The lesson: Love is understand in many languages. I am still learning how to love.
Firstly, for the purpose of clarification – the title of this post, is not simply a play on word to sound poetic or eloquent, but rather it is a clear statement of the term ‘love languages’. What is a love language? Love language refers to the way in which we all understand or perceive love and how we translate specific actions as expressions of love or gestures of love, such as gift giving to express love. The five types of love of languages are the following: Physical Affection, Words of Affirmation, Gift-Giving, Acts of Service and Quality Time.
Read more on each love language here: 5 Love Languages by Dr Gary Chapman
I am an advocate for love, more specifically – open expressions of love. I do not believe in playing-coy, in repressing positive emotions, and I certainly do not believe in diluting who I am for the comfort of others. Over the years, my love language has adapted, grown and evolved due to the various types of love I have experienced and my exposure to love languages and expressions of love that I had yet to discover at a young age. Throughout my child-hood, up until my late teenage years I understood love in the language of gift-giving and words of affirmation. As a child, it is without doubt that I knew how to get what I wanted when it came to material possessions, and my parents failed to firmly speak the word ‘no’, in fact, the minute the word ‘no’ was spoken, my mind translated this to me as ‘you are not deserving’ and the hurt I experienced as a result led to tears. Now, I am well and truly aware that this sounds like a cry for pity from the mouth (or fingers, in this case) of a spoiled girl, however something that must be understood is that my self-worth was equated to that of my material belongings, my confidence, my entire image was built around what I had, and if I did not have these possessions then I simply wasn’t good enough. I could not understand love in other forms, therefore where this love language of gift giving was absent, in the eyes of a younger self, all forms of love in my life were also absent.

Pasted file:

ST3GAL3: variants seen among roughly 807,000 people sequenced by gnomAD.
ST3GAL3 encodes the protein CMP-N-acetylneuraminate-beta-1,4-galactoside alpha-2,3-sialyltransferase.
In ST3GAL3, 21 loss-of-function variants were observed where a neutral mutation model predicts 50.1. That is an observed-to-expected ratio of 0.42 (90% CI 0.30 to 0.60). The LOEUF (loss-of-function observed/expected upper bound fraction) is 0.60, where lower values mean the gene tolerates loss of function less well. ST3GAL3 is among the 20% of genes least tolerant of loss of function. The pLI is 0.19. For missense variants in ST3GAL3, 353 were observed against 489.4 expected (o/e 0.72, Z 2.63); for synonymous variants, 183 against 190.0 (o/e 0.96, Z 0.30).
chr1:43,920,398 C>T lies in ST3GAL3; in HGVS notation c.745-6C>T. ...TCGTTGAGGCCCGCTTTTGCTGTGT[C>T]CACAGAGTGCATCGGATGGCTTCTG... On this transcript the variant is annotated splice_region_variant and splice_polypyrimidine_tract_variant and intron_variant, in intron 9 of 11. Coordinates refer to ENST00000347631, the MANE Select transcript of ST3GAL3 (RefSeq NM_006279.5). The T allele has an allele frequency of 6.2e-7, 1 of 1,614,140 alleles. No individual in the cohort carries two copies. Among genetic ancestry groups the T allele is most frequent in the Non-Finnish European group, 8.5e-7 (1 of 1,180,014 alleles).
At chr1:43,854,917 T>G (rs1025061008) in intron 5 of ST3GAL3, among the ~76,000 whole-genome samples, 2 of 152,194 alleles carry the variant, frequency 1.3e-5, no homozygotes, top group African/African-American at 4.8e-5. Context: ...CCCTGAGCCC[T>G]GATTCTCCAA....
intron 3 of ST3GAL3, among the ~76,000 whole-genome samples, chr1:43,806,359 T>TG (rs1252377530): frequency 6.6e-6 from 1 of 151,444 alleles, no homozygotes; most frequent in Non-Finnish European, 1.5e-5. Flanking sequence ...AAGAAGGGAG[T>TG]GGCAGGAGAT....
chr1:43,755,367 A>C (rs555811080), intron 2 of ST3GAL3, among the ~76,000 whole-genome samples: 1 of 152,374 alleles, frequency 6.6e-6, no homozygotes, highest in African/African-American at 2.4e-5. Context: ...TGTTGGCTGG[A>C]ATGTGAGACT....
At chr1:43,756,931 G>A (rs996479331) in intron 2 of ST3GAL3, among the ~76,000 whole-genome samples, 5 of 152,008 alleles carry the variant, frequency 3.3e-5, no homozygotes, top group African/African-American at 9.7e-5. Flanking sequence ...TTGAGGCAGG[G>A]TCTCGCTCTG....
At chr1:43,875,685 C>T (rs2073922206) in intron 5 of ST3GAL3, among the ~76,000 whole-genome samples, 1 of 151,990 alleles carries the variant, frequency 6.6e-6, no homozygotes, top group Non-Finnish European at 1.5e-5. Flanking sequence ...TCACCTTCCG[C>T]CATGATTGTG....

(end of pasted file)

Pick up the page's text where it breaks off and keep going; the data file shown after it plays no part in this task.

For the sake of honesty, and for the sake of remaining true to the purpose of this blog, I will openly admit and express that the absence of my parents at such a young age, whether due to business trips or illness meant that I could not understand love as quality time or acts of service, and the ‘coldness’ or lack of affections within parent-child relations prevalent within traditional African culture meant that physical affection as love simply did not cross my mind. I will say however, that this is not at the fault of my parents, far from, particularly as my family as a whole has always done what they could do to ensure that both my brother and myself would live successful lives. It is also worth noting that ‘words of affirmation’ were continuously expressed, if it wasn’t for my father I wouldn’t have the confidence in myself to be anything or anyone that I want to, if it wasn’t for being told that I determine my destiny and my path, and that I should not allow anyone else’s opinions or views get in the way of this, I would not even be writing this particular post. My point is to express how childhood love acts as a blueprint for the ways in which we understand love at a later age.
What is my ‘love language’ now? Still gift-giving… but also acts of service, physical affection, words of affirmation and spending quality-time. In understanding these love languages, I have allowed myself to become multi-lingual in the art of love languages and because of this, I now allow myself to openly express and receive love in all forms. This is truly important because I also understand that everyone speaks and understands a different love language, therefore I also allow myself to express love accordingly, in a way that prevents miscommunication or misinterpretation by speaking in a language that the recipient of my love… understands.
Do you know your love language?